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Interview with Thomas Powers, Ph.D. - Siemens BestSound Technology and Other New Innovations

Thomas A. Powers, PhD

June 14, 2010

Topic: Siemens BestSound Technology and Other New Innovations

Tom Powers

CAROLYN SMAKA: I'm here with Dr. Tom Powers from Siemens. Dr. Powers, always good to speak with you.

DR. TOM POWERS: Likewise Carolyn.

SMAKA: I had the opportunity to learn about Siemens BestSound™ Technology at AudiologyNOW! Can you give us an overview?

POWERS: Sure. BestSound is the next generation of our algorithms and it really consists of three main features: SpeechFocus™, a directional microphone algorithm;FeedbackStopper™, which is obviously a feedback algorithm;and SoundLearning® 2.0, our next generation of learning that we have taken to a new level. BestSound is available in Pure®, Siemens Life™ and Motion®.

SMAKA: Let's start with SpeechFocus™ since directional microphone technology is a pretty important part of many fittings today. You mentioned it's a directional microphone algorithm - what's unique about it?

POWERS: As you know, directional microphone technology is the only hearing aid feature proven to enhance speech intelligibility in difficult listening environments. As you mentioned, that's the reason it's an important consideration for many fittings today.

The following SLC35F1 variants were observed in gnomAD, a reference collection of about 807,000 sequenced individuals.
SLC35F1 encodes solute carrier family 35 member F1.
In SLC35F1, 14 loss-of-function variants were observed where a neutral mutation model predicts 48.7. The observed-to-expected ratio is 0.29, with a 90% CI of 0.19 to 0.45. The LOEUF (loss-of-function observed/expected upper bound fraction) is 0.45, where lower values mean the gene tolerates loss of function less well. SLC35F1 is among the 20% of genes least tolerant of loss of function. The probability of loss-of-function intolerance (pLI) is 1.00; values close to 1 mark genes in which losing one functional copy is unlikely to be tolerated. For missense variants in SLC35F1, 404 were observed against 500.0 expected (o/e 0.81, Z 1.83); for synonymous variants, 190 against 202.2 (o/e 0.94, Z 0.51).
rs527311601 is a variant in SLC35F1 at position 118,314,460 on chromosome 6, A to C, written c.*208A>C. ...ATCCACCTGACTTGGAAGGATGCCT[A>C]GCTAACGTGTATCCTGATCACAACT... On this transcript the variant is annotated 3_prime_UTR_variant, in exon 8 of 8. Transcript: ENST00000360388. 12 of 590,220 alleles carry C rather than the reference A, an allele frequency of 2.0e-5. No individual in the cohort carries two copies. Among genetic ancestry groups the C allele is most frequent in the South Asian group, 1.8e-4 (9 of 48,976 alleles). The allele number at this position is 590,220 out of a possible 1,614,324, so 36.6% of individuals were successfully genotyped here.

Directional microphone technology usually assumes that the desired speech comes from the front of the wearer. But in real life, this is not always the case. SpeechFocus continuously analyzes where speech is coming from, and selects the microphone mode that offers the best speech intelligibility automatically, regardless of the direction of the speech. In fact, SpeechFocus improves SRT by up to 4 dB in challenging situations where speech does not come from the front. In addition, the level of directionality is adjusted depending on the loudness of the environmental noise, which means that it is effective even in low noise environments. This is in contrast to other systems that may require poorer signal-to-noise ratios before selecting a directional mode.

SMAKA: I can think of many real-world situations where you need to hear speech coming from behind you.

POWERS: Yes, there are many.

At AudiologyNOW, we demonstrated SpeechFocus where the listener was a parent driving a car and wearing Siemens Pure hearing aids. There was road noise, engine noise and other car noises and there was a child in the back seat speaking to the parent at about a 0 signal-to-noise ratio.

In that situation, SpeechFocus would detect speech from the back and automatically switch to what we're calling an anti-cardioid pattern because it's the reverse of a typical cardioid pattern. The signal-to-noise ratio would improve so that the parent could hear the child speaking over the noise.

SMAKA: What was the feedback from audiologists who experienced that demo at AudiologyNOW?

POWERS: Very positive. When you get to listen to it and understand how it works it's easy to get really excited about it. It's like the saying, "A picture is worth 1,000 words" except in this case it's the audio demonstration. Until you can experience it, your understanding is just based on words on a page or a slide, and the demo makes the benefit clear.

SMAKA: Another use case for SpeechFocus just occurred to me. A child wearing instruments with SpeechFocus who needs to hear a parent or teacher speaking to him or her from behind, above whatever noise is in the environment.